'In general, positive endings are important in books for young people but especially for LGBTQ+ young people.'
From coming-of-age novels for teens, to a fresh take on traditional fairytales, children’s and young adult fiction now reflects our evolving family set-ups and increasingly open conversations about gender and sexuality. Yet this wasn’t always the case. ‘At the time Rainbow Boys was published, there were literally a handful of books for young people that had gay characters in, but they always seemed to end unhappily,’ recalls prolific American author, Alex Sanchez, who released his groundbreaking debut YA novel in 2001. ‘There seemed to be an unspoken rule that if a gay or lesbian teen appeared, they had to commit suicide or die tragically – the message being that they didn’t deserve to live. What my publisher was excited about was that Rainbow Boys had an upbeat, hopeful ending.’
Thankfully, since then, there has been a seismic shift in the publishing industry and an explosion of children’s and YA stories featuring LGBTQ+ themes which seek not only to spark discussion but to reach out to people experiencing similar feelings and situations to the characters. Books such as these, of course, align with Quintet Private Bank’s key factors for a Richer Life such as well-being, family and feeling connected. ‘In general, positive endings are important in books for young people but especially for LGBTQ+ young people. As much as the world has changed in many places, in others LGBTQ+ young adults are still isolated and feel like the only ones,’ continues Alex, who cites nature, spending time with family and expressing his creativity as contributing to a Richer Life.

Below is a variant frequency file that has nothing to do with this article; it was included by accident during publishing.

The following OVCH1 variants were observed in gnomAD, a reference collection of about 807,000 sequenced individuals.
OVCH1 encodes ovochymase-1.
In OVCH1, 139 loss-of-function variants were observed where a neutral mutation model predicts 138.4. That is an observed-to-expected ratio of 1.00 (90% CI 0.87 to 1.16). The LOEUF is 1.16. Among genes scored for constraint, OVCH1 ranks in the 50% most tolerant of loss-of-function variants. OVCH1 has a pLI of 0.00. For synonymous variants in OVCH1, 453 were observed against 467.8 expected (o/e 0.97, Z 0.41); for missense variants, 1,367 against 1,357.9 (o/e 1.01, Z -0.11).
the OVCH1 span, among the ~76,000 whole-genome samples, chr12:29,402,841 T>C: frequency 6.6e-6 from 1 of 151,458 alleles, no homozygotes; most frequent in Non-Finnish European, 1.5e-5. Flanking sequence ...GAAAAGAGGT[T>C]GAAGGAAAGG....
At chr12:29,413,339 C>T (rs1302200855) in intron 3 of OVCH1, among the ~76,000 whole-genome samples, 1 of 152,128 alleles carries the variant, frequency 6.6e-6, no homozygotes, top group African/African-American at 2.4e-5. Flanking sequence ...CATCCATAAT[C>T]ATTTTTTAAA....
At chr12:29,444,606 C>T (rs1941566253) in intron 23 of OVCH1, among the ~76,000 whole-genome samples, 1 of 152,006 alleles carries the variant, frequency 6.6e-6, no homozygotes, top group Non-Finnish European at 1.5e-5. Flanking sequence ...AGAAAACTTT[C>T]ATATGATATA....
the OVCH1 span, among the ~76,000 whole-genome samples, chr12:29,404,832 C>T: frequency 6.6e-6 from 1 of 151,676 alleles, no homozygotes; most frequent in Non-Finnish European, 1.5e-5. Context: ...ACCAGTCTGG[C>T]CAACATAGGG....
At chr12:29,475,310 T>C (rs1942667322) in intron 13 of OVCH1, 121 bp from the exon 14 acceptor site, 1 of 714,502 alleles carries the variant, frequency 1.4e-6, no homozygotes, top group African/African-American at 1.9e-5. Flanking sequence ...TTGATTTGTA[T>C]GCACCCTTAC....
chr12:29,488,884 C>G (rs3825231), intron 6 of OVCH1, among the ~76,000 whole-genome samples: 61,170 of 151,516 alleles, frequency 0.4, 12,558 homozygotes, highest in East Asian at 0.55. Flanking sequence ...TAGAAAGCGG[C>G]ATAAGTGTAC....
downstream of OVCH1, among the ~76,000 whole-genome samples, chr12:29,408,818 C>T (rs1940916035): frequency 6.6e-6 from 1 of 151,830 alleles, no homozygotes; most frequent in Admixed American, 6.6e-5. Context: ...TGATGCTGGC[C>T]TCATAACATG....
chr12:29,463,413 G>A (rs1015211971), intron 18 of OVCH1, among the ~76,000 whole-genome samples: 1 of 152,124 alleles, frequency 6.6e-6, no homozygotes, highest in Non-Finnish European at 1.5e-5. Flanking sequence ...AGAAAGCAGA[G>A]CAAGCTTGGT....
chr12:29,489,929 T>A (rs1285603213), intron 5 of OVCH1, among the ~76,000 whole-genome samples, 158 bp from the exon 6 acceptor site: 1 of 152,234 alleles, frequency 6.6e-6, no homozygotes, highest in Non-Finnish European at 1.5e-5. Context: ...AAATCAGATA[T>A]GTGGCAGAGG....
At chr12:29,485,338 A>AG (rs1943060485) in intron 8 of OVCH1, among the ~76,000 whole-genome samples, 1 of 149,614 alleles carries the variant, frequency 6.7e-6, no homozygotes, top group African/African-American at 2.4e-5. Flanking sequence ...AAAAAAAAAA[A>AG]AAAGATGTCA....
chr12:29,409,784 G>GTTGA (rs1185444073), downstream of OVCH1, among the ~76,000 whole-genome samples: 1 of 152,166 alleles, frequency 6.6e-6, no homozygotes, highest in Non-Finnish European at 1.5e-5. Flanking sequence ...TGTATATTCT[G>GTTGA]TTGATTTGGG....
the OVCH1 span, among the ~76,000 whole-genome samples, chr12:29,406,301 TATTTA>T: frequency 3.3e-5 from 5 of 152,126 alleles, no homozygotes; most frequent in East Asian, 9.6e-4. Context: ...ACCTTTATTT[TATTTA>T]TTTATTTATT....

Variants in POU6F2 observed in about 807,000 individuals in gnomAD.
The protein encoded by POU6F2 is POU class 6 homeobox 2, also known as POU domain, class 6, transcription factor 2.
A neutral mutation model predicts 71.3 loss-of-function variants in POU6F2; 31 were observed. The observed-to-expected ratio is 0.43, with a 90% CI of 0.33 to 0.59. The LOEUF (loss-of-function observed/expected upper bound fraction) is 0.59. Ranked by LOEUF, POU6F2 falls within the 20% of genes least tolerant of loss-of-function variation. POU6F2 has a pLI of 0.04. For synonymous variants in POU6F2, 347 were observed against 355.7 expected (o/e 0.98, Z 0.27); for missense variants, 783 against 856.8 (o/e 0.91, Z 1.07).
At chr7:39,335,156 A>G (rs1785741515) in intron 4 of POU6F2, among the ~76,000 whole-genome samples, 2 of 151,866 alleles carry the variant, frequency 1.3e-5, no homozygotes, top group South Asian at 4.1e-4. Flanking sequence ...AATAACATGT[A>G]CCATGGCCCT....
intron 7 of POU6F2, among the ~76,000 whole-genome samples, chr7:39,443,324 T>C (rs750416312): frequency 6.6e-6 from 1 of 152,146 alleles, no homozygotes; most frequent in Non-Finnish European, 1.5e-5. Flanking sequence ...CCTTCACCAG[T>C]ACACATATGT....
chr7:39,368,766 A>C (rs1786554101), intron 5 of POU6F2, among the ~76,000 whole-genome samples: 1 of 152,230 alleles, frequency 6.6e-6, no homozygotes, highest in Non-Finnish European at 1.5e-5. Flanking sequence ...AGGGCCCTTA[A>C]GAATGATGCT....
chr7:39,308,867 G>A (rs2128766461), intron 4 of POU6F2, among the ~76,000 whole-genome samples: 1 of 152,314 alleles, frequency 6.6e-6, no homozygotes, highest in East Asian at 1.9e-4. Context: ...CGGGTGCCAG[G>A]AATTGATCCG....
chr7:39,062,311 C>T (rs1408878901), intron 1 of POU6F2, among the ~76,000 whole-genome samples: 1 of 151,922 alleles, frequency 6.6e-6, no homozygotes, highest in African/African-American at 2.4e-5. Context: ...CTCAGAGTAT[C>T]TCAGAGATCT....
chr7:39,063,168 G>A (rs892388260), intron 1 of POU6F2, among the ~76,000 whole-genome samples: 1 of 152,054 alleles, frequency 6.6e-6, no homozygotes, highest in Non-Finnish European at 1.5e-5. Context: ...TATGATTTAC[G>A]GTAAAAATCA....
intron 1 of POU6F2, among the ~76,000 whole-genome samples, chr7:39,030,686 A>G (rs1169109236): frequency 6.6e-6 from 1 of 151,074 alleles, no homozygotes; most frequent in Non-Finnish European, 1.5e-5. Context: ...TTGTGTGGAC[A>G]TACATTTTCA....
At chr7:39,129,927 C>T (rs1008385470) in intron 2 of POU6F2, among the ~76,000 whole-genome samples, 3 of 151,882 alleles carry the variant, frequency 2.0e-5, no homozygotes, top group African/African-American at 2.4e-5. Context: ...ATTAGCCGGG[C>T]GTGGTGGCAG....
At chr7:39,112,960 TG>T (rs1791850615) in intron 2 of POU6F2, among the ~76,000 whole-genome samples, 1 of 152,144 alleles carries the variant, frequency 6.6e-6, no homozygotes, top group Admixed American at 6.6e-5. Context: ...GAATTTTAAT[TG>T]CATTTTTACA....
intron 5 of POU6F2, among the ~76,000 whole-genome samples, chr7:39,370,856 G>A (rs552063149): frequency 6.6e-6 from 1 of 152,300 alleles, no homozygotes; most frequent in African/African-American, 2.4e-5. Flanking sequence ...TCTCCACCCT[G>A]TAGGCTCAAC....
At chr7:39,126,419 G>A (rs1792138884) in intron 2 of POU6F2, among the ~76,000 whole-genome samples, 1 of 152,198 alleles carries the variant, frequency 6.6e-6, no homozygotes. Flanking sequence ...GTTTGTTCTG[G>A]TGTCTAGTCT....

'Learning the language to describe how children feel about themselves means that they are better able to define the essence of who they are.'
Sending out an uplifting message was also the motivation behind Are You a Boy or Are You a Girl?, the first children’s book by the co-founder of Trans Pride Brighton, activist and author Sarah Savage which is aimed at three- to seven-year-olds. ‘I really want readers to have what I didn’t and what trans people of my age never had, which is models of positivity where gender variant children can see themselves in a successful future, being accepted without question by the people they love,’ explains Sarah. Her second book, She’s My Dad, aimed at children who have a transgender parent or relative, was published last year (a follow up, He’s My Mom will be released in August).